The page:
span or height. Worry cannot add ―a single moment‖ to your life. Note v. 27: “Which of you by
worrying can add one cubit to his stature?” (Matt 6:27 NKJV) or this can be translated ―‖Whicn
of you by worrying can add one moment of time [whether hour or day] to your life?‖ In the
context here it seems more likely here Jesus is talking about length of life, rather than worry
about height. However, Jesus point is clear either way: Worrying adds nothing to life span or
height [cf. NET Note]. Jesus‘ point is that worry is not productive.
APPL: Consider your life! Worrying will not add a single day to your life. Worrying is more
likely to shorten your life than prolong it. Ultimately such matters as the length of your life
is in God’s hand (cf. Luke 12:13–21). Why should we not worry? Worry is not productive.
Trans: In vv. 28-30 Jesus gives a fourth reason for us not to worry when He rebukes us for the
lack of faith we demonstrate when we worry. Why should we not worry?
Worry reveals our lack of trust in God. Worry shows we need to strengthen our genuine
although insufficient commitment to the values of Christ‘s kingdom. Worry shows we are not
seeing our situation from God‘s point of view. Note Jesus‘ rebuke for our lack of faith in vv.
28-32: “So why do you worry about clothing? Consider the lilies of the field, how they grow:
they neither toil nor spin; 29 and yet I say to you that even Solomon in all his glory was not
arrayed like one of these. 30 Now if God so clothes the grass of the field, which today is, and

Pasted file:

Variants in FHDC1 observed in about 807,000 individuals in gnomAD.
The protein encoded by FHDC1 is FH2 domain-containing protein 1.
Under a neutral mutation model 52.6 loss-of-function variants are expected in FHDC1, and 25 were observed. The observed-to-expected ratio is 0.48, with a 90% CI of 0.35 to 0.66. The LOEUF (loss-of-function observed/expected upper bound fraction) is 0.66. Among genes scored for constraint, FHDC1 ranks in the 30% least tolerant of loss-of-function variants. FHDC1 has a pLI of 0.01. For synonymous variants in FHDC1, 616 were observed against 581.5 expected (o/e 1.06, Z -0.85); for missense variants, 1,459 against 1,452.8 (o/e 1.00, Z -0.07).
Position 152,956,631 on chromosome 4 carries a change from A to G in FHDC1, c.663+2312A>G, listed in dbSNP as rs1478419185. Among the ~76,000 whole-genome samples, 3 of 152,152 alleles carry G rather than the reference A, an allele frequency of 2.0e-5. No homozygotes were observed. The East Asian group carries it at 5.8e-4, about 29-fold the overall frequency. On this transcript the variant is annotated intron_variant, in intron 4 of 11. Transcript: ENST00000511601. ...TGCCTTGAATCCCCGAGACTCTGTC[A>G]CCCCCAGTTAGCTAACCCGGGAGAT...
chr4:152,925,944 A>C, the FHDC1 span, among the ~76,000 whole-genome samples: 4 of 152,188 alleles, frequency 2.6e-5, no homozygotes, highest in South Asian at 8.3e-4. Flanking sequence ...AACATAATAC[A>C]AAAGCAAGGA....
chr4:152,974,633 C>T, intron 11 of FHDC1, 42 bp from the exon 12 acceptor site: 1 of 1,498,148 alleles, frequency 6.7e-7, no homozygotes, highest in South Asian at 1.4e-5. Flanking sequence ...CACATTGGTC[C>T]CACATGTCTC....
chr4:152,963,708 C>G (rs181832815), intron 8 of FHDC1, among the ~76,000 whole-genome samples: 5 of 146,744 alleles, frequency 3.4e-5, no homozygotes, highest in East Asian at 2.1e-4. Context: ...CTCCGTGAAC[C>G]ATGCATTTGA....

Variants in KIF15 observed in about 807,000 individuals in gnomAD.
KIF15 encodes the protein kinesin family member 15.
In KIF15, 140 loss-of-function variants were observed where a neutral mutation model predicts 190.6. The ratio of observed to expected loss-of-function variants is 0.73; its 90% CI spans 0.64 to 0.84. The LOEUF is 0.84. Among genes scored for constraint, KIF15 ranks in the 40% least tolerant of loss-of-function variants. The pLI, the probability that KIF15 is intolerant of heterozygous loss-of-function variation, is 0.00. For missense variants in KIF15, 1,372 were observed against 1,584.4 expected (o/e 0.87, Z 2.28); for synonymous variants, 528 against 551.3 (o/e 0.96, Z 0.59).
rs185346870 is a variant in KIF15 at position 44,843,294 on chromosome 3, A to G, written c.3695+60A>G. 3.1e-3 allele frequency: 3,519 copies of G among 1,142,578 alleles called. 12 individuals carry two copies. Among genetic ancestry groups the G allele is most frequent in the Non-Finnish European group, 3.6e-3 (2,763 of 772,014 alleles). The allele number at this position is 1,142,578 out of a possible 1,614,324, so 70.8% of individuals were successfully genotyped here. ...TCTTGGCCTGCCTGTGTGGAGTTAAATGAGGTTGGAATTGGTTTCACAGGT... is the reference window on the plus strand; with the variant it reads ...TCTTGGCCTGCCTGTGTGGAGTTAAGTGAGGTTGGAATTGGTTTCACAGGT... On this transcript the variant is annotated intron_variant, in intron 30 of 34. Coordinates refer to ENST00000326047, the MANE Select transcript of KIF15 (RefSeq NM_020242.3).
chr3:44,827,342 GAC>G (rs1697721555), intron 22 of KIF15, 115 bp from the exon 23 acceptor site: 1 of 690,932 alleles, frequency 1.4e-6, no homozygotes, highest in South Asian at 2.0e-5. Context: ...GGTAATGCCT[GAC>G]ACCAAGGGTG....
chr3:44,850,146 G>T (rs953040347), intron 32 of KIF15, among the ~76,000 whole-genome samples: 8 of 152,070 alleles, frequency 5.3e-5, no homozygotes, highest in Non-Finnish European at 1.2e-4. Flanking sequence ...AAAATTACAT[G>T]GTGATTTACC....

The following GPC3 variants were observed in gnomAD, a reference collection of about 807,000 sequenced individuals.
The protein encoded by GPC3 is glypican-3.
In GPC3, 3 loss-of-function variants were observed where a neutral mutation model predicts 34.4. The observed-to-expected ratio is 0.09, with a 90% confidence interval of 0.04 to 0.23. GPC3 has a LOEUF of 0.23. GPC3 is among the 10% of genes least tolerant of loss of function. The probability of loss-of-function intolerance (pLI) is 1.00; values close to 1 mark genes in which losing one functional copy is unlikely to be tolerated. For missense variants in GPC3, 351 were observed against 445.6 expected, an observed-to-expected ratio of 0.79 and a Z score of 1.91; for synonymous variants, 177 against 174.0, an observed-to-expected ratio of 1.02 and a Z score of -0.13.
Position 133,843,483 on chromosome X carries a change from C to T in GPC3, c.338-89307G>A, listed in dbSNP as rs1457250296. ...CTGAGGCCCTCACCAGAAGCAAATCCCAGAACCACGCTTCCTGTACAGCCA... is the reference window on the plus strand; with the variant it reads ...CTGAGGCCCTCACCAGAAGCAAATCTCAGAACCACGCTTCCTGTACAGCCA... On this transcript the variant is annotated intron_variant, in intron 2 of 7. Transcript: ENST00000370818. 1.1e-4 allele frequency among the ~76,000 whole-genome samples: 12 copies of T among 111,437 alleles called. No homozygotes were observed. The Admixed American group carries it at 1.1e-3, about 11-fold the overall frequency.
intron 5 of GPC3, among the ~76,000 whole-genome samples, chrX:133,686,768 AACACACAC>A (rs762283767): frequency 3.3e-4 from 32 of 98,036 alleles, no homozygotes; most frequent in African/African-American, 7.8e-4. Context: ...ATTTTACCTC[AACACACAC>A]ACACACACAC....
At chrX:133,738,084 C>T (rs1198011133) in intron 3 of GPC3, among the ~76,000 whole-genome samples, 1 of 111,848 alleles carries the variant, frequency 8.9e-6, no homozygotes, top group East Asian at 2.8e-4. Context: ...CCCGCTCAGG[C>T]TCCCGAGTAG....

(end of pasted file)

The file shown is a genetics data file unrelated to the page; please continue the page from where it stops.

tomorrow is thrown into the oven, will He not much more clothe you, O you of little faith? (Matt
6:28-30 NKJV). [SLIDES OF Flowers of the field] [BLANK SLIDE] Marvel at the prairie
flowers! ―The point is not that [we] may opt for laziness but that God‘s providence and care are
so rich that He clothes the grass with wild flowers that are neither productive nor enduring. Even,
Solomon, the richest and most extravagant of Israel‘s monarchs, ―in all his splendor‖ (v. 29) was
not arrayed like one of these fields‖ (Carson, 181).
APPL: Jesus‘ responds to our worry with this statement: ―O you of little faith.‖ Where’s your
faith? If God clothes for the little things like the wild grass of the fields, surely you and I can
count on God to care for the more important things that concern you and me. When you or I
worry we are saying in effect, ―God I don‘t trust you to take care of me. When you or I worry
and thereby question God’s care for us it is because we have “little faith.” Jesus‘ point is that
worry shows we need to strengthen our genuine although insufficient commitment to the values
of His kingdom. ―The root of anxiety is unbelief.”
Now the rhetorical question here in v. 30 should cause us to reflect on the nature of God‘s
wonderful providential care for us. If God cares so much for flowers, which have such a short
life span (cf. Pss 37:2; 103:15–16; Isa 40:6–8; Jas 1:10–11; 1 Pet 1:24–25), will he not care